The principles governing admission of “bite mark” evidence have been authoritatively stated in People v. Marx (1975) 54 Cal.App.3d 100, 106-112, 126 Cal.Rptr. 350. As Marx indicates, while bite marks identification has not reached a level of scientific development comparable to well-recognized techniques of identification through dentition, such evidence is nevertheless admissible when based upon “scientifically and professionally established techniques X-rays, models, . . . photography to the solution of the particular problem which, though novel, was well within the capability of those techniques.” (Id. at p. 111, 126 Cal.Rptr. at p. 356.) Once such a new scientific technique has been approved in a published decision on appeal, the precedent so established is controlling in the absence of evidence reflecting change in the attitude of the scientific community. (People v. Kelly, 17 Cal.3d 24, 32, 130 Cal.Rptr. 144, 549 P.2d 1240.)
In addition to testifying to a number of experiments attempting to duplicate the bite marks, Dr. Beckstead stated his opinion that “The possibilities of having another individual with exactly the same separations that Mr. Watson has, with the teeth on the same angle, with the same width of teeth, the teeth in the same position in the skull, exerted the way they were with the same opening and closing thrust is highly unlikely.”
The trial court's finding of a sufficient foundation based upon such evidence was manifestly sound and may not be disturbed on appeal. (People v. Kelly, supra, 17 Cal.3d 24, 39, 130 Cal.Rptr. 144, 549 P.2d 1240.)
The color slides8 objected to by defendant were determined to be of probative value and not unduly prejudicial. (Evid.Code, § 352.) “The fact that gruesome photos may prejudice a defendant in the eyes of a jury does not, alone, render them inadmissible. . . .
“The question, therefore, is whether the photos have probative value and are offered and admitted for that purpose, or whether their primary purpose is to inflame the jury against the defendant. The question is one for the trial court, and, in the absence of a clear abuse of that court's discretion, the admission of such evidence will not be disturbed on appeal.” (People v. Seastone (1969) 3 Cal.App.3d 60, 64-65, 82 Cal.Rptr. 907, 909.) Our independent examination of such evidence reveals no abuse of discretion by the trial court.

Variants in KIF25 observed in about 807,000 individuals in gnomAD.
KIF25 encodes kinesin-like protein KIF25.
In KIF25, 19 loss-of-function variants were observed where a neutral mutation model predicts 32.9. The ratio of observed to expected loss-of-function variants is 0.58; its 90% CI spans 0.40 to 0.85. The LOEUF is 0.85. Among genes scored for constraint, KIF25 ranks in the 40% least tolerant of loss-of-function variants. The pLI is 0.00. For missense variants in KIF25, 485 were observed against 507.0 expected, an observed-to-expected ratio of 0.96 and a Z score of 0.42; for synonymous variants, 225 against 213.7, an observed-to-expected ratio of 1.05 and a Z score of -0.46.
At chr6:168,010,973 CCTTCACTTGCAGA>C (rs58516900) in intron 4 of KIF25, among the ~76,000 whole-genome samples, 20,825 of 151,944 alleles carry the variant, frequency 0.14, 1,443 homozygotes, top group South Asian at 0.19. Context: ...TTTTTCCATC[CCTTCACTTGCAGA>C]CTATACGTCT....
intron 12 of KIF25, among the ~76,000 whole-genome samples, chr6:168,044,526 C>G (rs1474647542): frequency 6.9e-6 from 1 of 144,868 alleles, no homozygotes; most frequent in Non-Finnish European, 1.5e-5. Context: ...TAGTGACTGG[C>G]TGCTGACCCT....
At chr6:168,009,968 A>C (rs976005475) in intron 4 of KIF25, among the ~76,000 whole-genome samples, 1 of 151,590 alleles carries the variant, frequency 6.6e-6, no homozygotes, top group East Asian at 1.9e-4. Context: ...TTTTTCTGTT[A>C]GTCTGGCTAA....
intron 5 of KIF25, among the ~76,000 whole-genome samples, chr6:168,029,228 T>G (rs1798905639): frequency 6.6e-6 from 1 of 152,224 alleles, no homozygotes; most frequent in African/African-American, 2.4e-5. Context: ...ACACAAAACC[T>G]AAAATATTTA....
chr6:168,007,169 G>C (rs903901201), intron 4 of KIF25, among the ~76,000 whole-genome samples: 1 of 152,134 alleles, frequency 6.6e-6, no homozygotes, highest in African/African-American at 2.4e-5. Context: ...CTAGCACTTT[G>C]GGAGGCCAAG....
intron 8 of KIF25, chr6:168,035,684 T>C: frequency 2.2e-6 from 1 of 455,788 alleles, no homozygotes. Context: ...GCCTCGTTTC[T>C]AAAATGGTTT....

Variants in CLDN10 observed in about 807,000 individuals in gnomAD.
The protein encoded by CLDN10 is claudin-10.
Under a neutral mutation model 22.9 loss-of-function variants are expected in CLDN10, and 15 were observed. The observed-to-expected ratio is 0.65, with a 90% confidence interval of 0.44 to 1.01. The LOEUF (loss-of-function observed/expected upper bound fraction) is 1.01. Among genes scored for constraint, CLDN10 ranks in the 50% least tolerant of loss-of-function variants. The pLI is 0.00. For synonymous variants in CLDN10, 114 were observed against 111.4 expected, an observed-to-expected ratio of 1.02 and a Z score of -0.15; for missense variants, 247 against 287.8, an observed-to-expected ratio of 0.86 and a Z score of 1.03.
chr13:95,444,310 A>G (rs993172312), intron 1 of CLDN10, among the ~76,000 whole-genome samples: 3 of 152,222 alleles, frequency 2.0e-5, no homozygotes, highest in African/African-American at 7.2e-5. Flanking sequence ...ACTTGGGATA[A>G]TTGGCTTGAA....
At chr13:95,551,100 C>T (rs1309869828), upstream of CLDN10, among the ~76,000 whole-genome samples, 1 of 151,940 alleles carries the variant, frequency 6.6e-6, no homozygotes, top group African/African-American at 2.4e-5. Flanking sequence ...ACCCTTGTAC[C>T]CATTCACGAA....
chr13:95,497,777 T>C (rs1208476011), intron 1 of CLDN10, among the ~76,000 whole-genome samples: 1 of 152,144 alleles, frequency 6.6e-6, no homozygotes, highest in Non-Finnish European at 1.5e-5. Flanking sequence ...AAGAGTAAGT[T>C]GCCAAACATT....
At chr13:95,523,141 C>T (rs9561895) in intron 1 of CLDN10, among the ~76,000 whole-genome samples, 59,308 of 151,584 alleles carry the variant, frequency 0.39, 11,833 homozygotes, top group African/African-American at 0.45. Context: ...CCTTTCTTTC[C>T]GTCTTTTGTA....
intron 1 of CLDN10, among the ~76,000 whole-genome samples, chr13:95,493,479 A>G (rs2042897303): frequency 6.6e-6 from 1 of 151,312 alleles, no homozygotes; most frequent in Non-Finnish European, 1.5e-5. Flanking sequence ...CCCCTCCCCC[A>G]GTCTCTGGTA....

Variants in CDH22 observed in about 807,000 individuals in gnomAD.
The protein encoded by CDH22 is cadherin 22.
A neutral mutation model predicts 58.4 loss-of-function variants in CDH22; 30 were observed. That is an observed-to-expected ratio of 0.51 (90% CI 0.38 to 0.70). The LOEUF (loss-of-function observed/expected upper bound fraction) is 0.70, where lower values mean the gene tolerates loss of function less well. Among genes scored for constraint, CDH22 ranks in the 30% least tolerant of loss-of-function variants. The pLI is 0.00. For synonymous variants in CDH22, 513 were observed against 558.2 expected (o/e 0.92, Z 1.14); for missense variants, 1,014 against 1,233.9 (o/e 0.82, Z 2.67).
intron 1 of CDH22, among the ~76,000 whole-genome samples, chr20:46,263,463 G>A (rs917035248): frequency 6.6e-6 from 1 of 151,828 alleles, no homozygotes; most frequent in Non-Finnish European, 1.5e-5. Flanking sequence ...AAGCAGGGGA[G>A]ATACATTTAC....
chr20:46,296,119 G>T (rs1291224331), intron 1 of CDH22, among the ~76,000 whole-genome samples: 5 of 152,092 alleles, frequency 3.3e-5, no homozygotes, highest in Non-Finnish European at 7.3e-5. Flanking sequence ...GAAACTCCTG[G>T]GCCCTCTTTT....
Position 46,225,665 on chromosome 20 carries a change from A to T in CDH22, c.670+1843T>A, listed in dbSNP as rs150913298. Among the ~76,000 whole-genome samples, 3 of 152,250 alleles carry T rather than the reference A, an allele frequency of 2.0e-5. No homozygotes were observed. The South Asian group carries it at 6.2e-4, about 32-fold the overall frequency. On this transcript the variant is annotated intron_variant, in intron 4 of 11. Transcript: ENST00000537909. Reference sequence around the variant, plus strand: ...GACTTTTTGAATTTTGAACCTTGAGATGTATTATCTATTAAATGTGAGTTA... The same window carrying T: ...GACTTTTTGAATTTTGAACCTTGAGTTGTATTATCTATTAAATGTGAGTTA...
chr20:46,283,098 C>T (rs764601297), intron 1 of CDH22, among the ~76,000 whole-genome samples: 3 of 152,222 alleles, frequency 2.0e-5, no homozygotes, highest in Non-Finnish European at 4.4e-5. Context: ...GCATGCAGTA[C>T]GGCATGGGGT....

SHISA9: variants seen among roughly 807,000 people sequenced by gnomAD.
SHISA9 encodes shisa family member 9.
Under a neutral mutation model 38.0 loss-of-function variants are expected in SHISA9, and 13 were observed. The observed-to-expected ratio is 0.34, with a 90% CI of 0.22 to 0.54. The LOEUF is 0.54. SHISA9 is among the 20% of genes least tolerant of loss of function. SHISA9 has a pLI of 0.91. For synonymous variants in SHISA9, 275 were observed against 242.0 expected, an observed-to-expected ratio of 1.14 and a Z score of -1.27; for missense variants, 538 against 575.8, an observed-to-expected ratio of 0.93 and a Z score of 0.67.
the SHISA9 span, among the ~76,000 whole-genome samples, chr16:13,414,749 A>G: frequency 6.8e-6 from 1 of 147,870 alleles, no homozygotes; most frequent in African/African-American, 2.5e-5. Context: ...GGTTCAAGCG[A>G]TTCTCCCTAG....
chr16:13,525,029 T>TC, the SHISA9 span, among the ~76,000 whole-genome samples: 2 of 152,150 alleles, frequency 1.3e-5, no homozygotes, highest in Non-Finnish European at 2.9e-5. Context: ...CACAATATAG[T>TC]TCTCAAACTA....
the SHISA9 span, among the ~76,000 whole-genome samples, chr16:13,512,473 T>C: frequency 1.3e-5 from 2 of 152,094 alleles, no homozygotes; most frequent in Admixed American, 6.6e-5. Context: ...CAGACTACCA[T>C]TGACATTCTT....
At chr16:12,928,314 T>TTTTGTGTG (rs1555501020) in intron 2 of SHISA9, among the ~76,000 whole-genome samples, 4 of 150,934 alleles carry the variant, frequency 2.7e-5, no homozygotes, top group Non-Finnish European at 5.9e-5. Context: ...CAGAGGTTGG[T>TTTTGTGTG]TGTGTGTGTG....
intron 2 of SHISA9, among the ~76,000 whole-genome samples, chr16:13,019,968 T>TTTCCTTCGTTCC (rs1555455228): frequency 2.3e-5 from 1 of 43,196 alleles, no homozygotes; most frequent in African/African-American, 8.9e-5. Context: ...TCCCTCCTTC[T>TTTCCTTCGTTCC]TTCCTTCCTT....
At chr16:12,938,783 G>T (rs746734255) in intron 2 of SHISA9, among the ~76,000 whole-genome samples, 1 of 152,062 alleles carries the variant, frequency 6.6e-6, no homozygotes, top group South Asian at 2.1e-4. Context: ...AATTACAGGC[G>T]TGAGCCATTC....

The Flight Instruction
The trial court sua sponte gave the standard approved jury instruction on flight,9 adding the following language: “Whether or not the conduct of a person constitutes flight is also a question which it is up to the jury to decide.” (See People v. Caldera (1959) 173 Cal.App.2d 98, 101, 342 P.2d 945.)
Defendant contends that in the absence of evidence of flight, the submission of such instruction constitutes error. The contention has merit.
Penal Code section 1127c mandates an instruction on flight “where evidence of a defendant's flight is relied upon as tending to show guilt.” (People v. Cannady (1972) 8 Cal.3d 379, 391, 105 Cal.Rptr. 129, 137, 503 P.2d 585, 593.) Flight becomes relevant because it may demonstrate consciousness of guilt and has no other probative value. (People v. Hill (1967) 67 Cal.2d 105, 120, 60 Cal.Rptr. 234, 429 P.2d 586.) But the mere fact of defendant's arrest nearly two days later and miles away from the crime scene standing alone is not evidence of flight that may support an inference of guilt. Under the circumstantial-evidence-reasoning process (see People v. James, 56 Cal.App.3d 876, 890, 128 Cal.Rptr. 733; Jefferson, Cal. Evidence Benchbook, §§ 19.1-19.3, pp. 215-222), it is clear that such evidence, without more, cannot logically tend to support an inference of guilt. It was error to give such instruction.
However, we conclude that the error was not prejudicial. As noted, the court instructed the jury that whether defendant's conduct constituted flight was a question for it to determine; accordingly, the instruction could not have mislead the jury. In light of the overwhelming evidence of guilt, we find such error to be harmless. (People v. Watson (1956) 46 Cal.2d 818, 838, 299 P.2d 243; People v. Ornelas (1936) 17 Cal.App.2d 608, 610-611, 62 P.2d 608.)
The judgment is affirmed.
1. Inspector Wolke did not disclose either the nature of the crime or any of the facts concerning the investigation.